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1. I do not know why we continue to be surprised that initial reporting and statements on the raid to kill Osama bin Laden were innacurate. It will be a long time -- maybe even decades -- before the facts of the raid fully see the light of day. As far as journalistic accounts are concerned, I have no reason to doubt the reporting of my friend Nick Schmidle and others, but bear in mind Mark Bowden wrote his original award-winning articles on "Blackhawk Down" four years after the event. And in the case of Abbottabad, we're talking about a highly sensitive special operation that was and necessarily remains cloaked in secrecy. So caveat lector, as always.
2. I spent yesterday with the students at Girls Preparatory School in Chattanooga, Tennessee, where my mother has taught for over two decades. I was really impressed by the intelligence and intellectual curiosity of the girls, which served as a nice antidote to the Tennessee state legislature's war on science. My family farm is about five miles from where John Scopes went on trial in 1925, and I would have thought we Tennesseans had come a long way since then. Most folks in my hometown with whom I spoke, to be fair, seemed depressed about the fact that we are the country's laughing stock again and spoke of their desire for the legislature to focus on issues that matter. Personally, I am just happy that Henry Mencken is dead and can't weigh in on the matter.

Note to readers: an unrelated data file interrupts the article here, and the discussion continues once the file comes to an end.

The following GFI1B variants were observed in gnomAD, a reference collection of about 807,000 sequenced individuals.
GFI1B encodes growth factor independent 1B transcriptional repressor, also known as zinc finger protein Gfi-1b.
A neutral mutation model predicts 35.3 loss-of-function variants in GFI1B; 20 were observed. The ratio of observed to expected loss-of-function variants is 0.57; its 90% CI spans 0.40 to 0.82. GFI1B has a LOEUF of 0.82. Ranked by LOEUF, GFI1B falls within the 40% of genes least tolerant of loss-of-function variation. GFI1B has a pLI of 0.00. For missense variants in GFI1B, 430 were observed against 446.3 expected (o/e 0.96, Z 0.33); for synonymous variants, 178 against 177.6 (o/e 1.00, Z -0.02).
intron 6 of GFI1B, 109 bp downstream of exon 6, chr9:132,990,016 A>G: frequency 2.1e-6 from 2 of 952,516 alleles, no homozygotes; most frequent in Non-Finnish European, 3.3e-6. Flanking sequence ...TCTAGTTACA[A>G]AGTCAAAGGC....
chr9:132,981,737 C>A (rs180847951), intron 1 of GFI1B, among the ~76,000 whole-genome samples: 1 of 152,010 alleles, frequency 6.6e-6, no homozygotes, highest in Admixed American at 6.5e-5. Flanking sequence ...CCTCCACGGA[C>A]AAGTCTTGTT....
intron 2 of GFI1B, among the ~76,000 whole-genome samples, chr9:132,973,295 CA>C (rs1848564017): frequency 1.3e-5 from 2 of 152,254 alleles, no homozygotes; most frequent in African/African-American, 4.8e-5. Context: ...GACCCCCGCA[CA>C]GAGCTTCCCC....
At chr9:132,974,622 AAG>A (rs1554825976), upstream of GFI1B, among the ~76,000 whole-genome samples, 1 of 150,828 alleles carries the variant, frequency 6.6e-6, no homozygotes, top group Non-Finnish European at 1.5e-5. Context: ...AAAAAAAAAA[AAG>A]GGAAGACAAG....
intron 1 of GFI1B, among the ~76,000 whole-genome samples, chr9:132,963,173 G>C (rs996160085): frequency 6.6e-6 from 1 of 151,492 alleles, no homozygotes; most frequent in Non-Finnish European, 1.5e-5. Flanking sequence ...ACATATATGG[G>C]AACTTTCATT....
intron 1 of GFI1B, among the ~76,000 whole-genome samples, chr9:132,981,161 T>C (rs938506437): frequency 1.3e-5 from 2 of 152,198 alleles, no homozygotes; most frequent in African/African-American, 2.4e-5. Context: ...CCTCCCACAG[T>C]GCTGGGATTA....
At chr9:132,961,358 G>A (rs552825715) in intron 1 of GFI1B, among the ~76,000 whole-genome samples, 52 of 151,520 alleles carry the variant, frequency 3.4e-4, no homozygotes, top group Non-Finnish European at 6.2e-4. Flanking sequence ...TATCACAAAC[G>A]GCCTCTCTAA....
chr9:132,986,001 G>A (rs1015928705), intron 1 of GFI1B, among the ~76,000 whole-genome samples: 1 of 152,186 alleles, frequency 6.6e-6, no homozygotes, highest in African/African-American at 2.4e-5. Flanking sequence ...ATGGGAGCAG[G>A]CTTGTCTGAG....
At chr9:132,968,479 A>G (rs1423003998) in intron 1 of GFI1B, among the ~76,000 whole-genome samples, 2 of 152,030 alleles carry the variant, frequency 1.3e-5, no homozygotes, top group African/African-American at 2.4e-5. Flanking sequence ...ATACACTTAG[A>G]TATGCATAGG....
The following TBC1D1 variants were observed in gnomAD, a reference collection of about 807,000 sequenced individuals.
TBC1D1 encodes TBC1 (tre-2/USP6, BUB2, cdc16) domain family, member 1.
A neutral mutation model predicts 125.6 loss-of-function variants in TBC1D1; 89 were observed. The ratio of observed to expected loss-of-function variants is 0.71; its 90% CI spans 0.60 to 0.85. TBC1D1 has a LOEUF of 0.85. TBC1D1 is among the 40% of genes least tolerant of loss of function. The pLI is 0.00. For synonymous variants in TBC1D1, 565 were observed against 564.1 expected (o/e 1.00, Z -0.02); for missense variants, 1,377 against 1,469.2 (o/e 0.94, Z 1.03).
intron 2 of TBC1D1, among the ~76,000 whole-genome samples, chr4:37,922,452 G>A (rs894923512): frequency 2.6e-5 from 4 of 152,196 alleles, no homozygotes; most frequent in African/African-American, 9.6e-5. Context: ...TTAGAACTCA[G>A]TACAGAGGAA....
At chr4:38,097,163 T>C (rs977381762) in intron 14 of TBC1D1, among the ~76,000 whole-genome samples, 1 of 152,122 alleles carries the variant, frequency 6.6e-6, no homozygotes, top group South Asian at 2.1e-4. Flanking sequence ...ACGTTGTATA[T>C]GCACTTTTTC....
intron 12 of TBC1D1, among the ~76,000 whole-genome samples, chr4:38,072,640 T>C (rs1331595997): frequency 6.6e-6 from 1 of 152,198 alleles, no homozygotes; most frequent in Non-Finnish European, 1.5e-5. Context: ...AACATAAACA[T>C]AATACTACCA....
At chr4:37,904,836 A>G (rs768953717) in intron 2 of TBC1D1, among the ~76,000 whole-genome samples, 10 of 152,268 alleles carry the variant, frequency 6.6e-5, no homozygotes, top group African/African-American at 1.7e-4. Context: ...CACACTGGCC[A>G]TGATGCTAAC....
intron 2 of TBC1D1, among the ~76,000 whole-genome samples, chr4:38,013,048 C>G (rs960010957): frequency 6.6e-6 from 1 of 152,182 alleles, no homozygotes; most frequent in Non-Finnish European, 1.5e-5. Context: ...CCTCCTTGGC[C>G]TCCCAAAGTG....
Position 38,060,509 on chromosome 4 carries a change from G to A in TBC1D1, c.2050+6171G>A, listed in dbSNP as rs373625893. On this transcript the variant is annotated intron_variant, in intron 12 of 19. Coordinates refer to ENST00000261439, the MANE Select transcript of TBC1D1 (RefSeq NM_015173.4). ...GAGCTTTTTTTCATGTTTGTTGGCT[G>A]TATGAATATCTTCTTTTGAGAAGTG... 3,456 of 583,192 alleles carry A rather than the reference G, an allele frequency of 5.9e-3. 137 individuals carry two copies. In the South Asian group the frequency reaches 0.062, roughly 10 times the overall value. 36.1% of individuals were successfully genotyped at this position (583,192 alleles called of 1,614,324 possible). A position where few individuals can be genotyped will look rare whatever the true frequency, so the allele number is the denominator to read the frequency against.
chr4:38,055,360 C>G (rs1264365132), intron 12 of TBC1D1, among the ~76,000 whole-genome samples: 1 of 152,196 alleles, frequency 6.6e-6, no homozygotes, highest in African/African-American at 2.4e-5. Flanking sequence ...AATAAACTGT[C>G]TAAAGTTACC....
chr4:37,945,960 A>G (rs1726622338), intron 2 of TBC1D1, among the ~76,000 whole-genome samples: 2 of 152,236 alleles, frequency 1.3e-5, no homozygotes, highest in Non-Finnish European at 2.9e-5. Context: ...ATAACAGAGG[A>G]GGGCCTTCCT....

If it's any consolation, though, the sponsor of the so-called Monkey Bill is an alumnus and former member of the Board of Trustees of the Baylor School. My alma mater, the McCallie School, taught me that intellectual life can live in harmony with a strong faith in Christ. McCallie has accordingly produced statesmen, captains of industry, war heroes, and some of our nation's leading public intellectuals. Our bitter rivals, meanwhile, can take now take pride in the war its alumni wage against ... the scientific method.*
3. Speaking of intellectuals, my old friend and professor Peter Stallybrass recently sent me an old article of his titled "The Mystery of Walking" from the Journal of Medieval and Early Modern Studies. I recommend this article to all literary-minded infantrymen out there. It is delightful.
*Problematically, Pat Robertson also went to my alma mater, but in deference to our rivals, I am not allowing trivia like "facts" or "exculpatory evidence" to get in the way of my arguments today.